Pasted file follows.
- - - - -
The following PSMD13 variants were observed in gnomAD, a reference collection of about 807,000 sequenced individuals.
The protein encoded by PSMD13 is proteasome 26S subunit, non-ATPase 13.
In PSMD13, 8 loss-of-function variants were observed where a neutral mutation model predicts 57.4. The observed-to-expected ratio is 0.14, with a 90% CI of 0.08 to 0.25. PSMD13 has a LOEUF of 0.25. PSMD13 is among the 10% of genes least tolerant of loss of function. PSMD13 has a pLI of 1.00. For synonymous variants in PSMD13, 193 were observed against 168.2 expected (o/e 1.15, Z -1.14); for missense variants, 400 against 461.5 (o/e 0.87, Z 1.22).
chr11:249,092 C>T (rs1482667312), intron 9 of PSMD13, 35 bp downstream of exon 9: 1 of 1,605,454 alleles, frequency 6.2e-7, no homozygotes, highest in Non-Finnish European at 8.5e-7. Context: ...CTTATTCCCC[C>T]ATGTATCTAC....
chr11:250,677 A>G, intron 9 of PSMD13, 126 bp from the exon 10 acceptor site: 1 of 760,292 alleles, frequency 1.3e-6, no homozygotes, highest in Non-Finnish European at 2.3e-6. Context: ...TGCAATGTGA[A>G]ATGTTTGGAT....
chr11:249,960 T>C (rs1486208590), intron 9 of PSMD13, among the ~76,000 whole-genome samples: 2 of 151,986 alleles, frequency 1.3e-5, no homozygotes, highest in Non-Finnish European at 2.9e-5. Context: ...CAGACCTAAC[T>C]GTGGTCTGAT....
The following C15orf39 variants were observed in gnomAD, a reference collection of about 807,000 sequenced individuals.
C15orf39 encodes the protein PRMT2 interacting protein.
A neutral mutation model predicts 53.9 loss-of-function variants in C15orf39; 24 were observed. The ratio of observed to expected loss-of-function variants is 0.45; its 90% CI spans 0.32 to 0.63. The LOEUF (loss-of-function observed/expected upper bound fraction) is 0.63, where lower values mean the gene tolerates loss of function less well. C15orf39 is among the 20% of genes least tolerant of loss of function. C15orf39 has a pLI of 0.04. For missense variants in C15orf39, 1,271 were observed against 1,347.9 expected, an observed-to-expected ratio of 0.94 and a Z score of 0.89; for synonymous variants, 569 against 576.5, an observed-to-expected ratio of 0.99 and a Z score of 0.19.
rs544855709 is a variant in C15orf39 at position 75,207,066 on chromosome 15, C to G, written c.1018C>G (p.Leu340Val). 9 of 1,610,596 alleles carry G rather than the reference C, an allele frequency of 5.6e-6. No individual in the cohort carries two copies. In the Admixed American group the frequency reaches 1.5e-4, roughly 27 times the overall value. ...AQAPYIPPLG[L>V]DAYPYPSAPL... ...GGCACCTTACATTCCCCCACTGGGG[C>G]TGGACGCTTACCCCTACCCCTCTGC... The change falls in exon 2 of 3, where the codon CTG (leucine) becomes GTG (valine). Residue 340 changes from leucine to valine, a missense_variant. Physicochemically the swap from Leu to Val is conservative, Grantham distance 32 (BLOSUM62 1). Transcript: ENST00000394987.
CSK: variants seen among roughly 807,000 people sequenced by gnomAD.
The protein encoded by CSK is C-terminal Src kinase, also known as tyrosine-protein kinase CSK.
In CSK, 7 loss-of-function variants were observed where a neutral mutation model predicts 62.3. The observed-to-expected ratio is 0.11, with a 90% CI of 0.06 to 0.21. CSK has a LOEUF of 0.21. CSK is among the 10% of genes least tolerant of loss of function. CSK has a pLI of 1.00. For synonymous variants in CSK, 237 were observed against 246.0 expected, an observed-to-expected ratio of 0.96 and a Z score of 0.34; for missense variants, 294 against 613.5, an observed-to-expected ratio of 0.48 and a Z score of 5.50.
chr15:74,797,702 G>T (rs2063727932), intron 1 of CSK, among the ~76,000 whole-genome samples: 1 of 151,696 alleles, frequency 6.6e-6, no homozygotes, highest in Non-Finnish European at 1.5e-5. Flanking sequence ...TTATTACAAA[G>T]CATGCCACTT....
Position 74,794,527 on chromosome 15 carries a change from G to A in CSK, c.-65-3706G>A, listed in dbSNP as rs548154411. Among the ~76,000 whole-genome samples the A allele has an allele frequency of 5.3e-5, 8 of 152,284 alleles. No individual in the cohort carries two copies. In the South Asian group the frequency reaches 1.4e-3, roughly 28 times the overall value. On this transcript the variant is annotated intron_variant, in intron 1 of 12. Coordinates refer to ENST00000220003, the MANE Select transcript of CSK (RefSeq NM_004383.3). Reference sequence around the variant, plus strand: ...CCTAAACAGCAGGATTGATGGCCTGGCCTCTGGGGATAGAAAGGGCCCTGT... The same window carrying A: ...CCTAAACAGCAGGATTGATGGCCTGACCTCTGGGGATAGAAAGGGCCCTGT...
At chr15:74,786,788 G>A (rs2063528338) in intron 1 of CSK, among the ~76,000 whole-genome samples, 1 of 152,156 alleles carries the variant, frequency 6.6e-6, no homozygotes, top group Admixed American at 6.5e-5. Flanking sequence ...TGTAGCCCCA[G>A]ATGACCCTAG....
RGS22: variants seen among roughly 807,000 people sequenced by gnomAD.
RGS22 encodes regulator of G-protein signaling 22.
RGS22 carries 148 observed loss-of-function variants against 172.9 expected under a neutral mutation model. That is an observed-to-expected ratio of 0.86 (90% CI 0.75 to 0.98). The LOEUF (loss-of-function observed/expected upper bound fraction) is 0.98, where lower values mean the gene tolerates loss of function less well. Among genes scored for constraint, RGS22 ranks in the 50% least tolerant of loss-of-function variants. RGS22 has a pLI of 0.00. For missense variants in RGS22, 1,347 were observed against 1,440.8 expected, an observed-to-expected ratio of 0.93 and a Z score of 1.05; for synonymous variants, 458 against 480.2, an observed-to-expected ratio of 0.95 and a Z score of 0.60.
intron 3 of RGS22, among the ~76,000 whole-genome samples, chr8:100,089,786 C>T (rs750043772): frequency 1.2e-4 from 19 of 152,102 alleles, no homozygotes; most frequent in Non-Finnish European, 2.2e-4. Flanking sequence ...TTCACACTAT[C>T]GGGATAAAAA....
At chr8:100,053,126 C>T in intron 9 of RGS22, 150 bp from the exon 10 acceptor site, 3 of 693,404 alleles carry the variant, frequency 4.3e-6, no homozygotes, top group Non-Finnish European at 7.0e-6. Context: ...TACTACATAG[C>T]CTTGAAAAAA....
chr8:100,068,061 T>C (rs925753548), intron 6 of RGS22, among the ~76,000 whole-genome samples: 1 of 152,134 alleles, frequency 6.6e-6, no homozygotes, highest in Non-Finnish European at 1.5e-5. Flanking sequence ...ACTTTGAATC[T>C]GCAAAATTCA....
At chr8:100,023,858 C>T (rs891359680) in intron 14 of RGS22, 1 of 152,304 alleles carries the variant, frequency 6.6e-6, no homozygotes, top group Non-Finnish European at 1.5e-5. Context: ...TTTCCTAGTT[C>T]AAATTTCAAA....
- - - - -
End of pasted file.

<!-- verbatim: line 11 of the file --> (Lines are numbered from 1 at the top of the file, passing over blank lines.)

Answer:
CSK: variants seen among roughly 807,000 people sequenced by gnomAD.